Actions
  1. Decipher military record
  2. Check directories 1939 - 1974
  3. Unigate History and Employment Record
  4. Update George's War more frequently
  5. Research meeting with George Formby

Thursday, 28 November 2013

More on Employment and Lymposs & Smee


My Grandfather worked for Lymposs & Smee diary, who were a well known Guildford based company. The picture here, shows an early milk bottle from the company, this dates to around 1930.

After my Grandfather returned from military service in 1946 he returned to Lymposs & Smee. The company itself did not fair especially well. as they
went into Voluntary Liquidation in 1955 and from what I have been able to establish were acquired by the Home Counties Dairies, which effectively became part of Unigate.

Unigate themselves was the result of a merger between United Dairies and Cow and Gate who were another well know Guildford business.

Here is the Voluntary Liquidation notice from the London Gazette 22nd April 1955.

"LYMPOSS and SMEE Limited.
(In Voluntary Liquidation.)
NOTICE is hereby given, in pursuance of sections 290 and 341 (1) (b) of the Companies Act, 1948,that a General Meeting of the above-named Company will be held at Central Buildings, Guildford, on Tuesday the 24th May, at 2.30 p.m. for the purpose of having an account laid before the Members showing the manner in which the winding-up has been conducted and the property of the Company disposed of, and also of determining by Extraordinary Resolution the manner in which the books, accounts and documents of the Company and of the Liquidator shall be disposed of. A Member entitled to attend and vote at the above Meeting may appoint a proxy or proxies to attend and vote instead of him. A proxy need not be a Member of the Company.—Dated this 19th day of April, 1955. (255) G. M. LYALL, Liquidator."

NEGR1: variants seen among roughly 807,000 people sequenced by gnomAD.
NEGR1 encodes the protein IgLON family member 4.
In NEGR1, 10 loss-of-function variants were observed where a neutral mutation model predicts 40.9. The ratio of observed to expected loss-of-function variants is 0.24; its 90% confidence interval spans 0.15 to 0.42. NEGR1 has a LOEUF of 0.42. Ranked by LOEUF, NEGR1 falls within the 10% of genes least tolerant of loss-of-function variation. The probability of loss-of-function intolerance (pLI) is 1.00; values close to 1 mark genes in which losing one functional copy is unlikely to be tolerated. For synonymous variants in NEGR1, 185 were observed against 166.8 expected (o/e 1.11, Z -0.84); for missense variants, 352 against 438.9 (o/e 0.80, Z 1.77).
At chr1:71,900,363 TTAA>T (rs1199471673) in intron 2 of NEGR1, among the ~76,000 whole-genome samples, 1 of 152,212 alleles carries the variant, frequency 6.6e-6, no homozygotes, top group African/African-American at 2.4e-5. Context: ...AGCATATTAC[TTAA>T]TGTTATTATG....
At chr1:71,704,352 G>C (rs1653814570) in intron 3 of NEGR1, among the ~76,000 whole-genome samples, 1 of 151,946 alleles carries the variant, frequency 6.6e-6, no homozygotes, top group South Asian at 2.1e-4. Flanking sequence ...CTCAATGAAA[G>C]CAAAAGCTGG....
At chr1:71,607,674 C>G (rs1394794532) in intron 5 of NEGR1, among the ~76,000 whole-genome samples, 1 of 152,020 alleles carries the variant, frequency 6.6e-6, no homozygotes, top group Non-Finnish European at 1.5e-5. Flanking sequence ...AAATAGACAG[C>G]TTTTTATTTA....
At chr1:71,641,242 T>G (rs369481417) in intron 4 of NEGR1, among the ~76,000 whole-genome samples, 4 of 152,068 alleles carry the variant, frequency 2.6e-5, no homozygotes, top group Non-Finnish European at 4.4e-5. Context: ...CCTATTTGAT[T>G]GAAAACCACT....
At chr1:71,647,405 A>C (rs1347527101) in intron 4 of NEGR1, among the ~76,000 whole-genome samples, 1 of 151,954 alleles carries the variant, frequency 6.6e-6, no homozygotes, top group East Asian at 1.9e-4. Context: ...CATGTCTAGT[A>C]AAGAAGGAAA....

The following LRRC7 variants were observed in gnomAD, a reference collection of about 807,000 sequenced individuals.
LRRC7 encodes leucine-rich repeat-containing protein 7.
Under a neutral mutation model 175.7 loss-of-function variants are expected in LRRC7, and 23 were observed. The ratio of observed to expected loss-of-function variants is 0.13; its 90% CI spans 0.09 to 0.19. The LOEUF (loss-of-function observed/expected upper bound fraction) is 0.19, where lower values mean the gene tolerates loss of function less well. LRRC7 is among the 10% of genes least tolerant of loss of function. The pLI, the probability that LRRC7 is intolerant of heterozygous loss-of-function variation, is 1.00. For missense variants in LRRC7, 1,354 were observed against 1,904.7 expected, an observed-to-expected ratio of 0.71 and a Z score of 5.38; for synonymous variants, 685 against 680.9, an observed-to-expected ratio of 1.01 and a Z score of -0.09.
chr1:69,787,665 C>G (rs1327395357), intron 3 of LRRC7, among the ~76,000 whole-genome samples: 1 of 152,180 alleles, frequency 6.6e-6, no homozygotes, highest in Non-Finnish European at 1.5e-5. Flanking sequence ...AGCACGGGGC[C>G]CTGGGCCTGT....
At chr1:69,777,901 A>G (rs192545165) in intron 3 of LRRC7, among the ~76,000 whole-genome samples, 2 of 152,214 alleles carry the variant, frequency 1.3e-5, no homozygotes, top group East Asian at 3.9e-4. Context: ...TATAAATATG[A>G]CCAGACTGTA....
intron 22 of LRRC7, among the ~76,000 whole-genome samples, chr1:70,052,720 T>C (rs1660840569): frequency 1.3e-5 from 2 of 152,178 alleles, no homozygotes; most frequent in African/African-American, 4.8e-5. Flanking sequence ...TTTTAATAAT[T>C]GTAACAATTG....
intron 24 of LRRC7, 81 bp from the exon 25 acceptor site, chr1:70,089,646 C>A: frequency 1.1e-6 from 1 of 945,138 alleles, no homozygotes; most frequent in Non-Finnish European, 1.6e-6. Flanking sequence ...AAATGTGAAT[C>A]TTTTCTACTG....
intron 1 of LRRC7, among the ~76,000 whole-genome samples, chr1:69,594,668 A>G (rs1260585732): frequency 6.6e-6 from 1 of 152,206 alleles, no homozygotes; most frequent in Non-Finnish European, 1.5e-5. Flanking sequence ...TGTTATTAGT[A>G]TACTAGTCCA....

Since last week, I have often thought of that early memory and today, whilst Mum was here asked her what else she could recall, and through the course of the conversation, she suddenly announced that sometimes on his day off, he would take Mum to work with him, when he called in to see his colleagues. This would have been the early 1950's. Mum then relived that memory of the noise and the smell of milk. How wonderful is that?

At this time, it was traditional to have a job for life; and after 25 years to be given a watch by the employer. Those days of long gone, but as my Grandfather approached 25 years of service, Unigate changed the rules and made it 30 years. Well he achieved that and was presented with the watch; a watch that I now have. Just after he was awarded with his watch they changed the rules and reduced the time period back down to 25 years..

When he first started working at the dairy, he worked in the dock area. This was where the vehicles that had collected the milk from the farms would be. The milk was in churns and it was tipped into a devise that processed the milk to make to fit for human consumption. He then moved onto the bottling section. Here is where the processed milk was obviously bottled. His job was to ensure that the bottles were filled and aligned properly ready for capping and then moved into crates before being dispatched with the milkman for delivery the next day. At the time of his official retirement in March 1973 he was a foreman, making sure that the chaps worked and went for lunch at the right time and so forth.